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Thursday, July 29, 2004

Not that the Times was any better...

But the NY Times has a good editorial today asking John Kerry to clarify his position on the war in Iraq:
hen he accepts the Democratic presidential nomination tonight, John Kerry needs to give the nation a clearer idea of how his choices would have differed from President Bush's - particularly when it comes to the war in Iraq. The nation deserves to be told whether Mr. Kerry would have voted to authorize the invasion if he had known that Saddam Hussein did not have weapons of mass destruction.

Mr. Kerry, as the world already knows, is not a black-and-white kind of thinker, especially when it comes to foreign policy. That's good - it should give voters a real sense of choice this fall, given George Bush's tendency to view the world in absolutes. But it's not an excuse for fudging every issue. Mr. Kerry's history on the critical Iraq question has been impossibly opaque.
Bush still insists that he was right to invade. He says the war was justified because of Mr. Hussein's military ambitions and because Iraq is better off without him.

Voters need to know whether Mr. Kerry agrees.
Back in February, former weapons inspector Scott Ritter also demanded answers of Kerry:
Two years later, in the buildup toward war that took place in the summer of 2002, the Senate Foreign Relations Committee, on which Kerry sits, convened a hearing on Iraq. At that hearing a parade of witnesses appeared, testifying to the existence of WMD in Iraq. Featured prominently was Khidir Hamza, the self-proclaimed "bombmaker to Saddam," who gave stirring first-hand testimony to the existence of not only nuclear weapons capability, but also chemical and biological weapons as well. Every word of Hamza's testimony has since been proved false. Despite receiving thousands of phone calls, letters and e-mails demanding that dissenting expert opinion, including my own, be aired at the hearing, Sen. Kerry apparently did nothing, allowing a sham hearing to conclude with the finding that there was "no doubt" Saddam Hussein had WMD.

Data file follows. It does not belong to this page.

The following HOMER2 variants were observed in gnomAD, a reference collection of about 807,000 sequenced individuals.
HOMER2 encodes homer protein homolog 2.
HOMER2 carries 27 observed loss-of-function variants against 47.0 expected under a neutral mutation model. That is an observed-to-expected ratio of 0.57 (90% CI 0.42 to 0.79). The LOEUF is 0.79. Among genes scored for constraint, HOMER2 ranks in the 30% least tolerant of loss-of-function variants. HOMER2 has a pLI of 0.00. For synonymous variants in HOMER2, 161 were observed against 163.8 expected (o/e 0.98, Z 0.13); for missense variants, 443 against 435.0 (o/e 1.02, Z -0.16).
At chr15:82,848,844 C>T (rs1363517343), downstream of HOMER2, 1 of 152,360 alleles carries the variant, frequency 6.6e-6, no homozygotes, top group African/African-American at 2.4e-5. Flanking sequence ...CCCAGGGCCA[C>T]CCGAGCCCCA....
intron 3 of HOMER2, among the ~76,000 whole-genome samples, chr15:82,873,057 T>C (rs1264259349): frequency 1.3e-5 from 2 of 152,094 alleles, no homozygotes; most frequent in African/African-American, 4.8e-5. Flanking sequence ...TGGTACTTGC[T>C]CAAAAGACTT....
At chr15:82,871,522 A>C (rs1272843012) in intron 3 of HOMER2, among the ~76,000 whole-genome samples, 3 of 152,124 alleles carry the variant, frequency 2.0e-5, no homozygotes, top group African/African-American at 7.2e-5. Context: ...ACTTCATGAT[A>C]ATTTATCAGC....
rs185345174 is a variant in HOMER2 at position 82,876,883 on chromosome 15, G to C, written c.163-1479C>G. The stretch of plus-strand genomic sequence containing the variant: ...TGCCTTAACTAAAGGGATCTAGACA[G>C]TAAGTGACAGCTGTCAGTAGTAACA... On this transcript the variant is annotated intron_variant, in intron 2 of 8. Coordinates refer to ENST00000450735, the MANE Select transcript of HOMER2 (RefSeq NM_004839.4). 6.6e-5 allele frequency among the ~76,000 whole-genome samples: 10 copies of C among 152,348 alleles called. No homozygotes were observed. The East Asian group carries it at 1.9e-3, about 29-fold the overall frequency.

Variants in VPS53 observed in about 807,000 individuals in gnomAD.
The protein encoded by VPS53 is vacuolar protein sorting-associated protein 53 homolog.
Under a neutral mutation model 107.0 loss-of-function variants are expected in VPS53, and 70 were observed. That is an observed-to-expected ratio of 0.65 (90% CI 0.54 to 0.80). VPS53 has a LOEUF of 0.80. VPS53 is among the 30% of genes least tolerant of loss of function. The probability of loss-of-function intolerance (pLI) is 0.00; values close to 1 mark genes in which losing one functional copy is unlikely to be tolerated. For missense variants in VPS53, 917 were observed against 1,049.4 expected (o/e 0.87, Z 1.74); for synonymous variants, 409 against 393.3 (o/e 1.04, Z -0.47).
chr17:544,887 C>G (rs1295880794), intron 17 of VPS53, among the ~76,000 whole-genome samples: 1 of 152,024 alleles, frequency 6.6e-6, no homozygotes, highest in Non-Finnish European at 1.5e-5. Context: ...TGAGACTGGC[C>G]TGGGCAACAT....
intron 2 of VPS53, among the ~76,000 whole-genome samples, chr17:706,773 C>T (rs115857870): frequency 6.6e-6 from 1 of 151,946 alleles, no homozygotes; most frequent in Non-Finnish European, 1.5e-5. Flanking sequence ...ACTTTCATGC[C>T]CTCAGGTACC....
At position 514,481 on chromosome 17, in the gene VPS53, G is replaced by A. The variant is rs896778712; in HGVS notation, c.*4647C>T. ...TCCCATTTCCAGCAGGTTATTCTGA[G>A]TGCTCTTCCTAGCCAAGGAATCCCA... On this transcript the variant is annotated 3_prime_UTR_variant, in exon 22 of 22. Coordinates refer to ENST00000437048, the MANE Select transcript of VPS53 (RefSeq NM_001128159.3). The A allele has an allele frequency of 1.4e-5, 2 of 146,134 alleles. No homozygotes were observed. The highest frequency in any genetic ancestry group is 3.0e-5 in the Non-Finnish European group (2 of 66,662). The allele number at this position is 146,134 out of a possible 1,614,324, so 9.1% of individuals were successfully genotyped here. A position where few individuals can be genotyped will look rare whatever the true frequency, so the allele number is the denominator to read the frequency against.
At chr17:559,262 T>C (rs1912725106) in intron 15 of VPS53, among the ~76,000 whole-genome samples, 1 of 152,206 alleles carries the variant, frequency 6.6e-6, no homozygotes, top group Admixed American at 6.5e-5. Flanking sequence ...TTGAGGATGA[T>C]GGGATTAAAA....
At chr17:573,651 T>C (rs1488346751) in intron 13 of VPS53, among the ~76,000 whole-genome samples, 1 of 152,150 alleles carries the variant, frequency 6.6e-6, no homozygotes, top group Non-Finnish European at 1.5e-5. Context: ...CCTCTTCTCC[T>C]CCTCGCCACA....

Sen. Kerry followed up this performance in October 2002 by voting for the war in Iraq. Today he justifies that vote by noting that he only approved the "threat of war," and that the blame for Iraq rests with President George W. Bush, who failed to assemble adequate international support for the war. But this explanation rings hollow in the face of David Kay's findings that there are no WMD in Iraq. With the stated casus belli shown to be false, John Kerry needs to better explain his role not only in propelling our nation into a war that is rapidly devolving into a quagmire, but more importantly, his perpetuation of the falsehoods that got us there to begin with.

President Bush should rightly be held accountable for what increasingly appears to be deliberately misleading statements made by him and members of his administration regarding the threat posed by Iraq's WMD. If such deception took place, then Bush no longer deserves the trust and confidence of the American people.

But John Kerry seems to share in this culpability, and if he wants to be the next president of the United States, he must first convince the American people that his actions somehow differ from those of the man he seeks to replace.
He hasn't done so so far, in my opinion.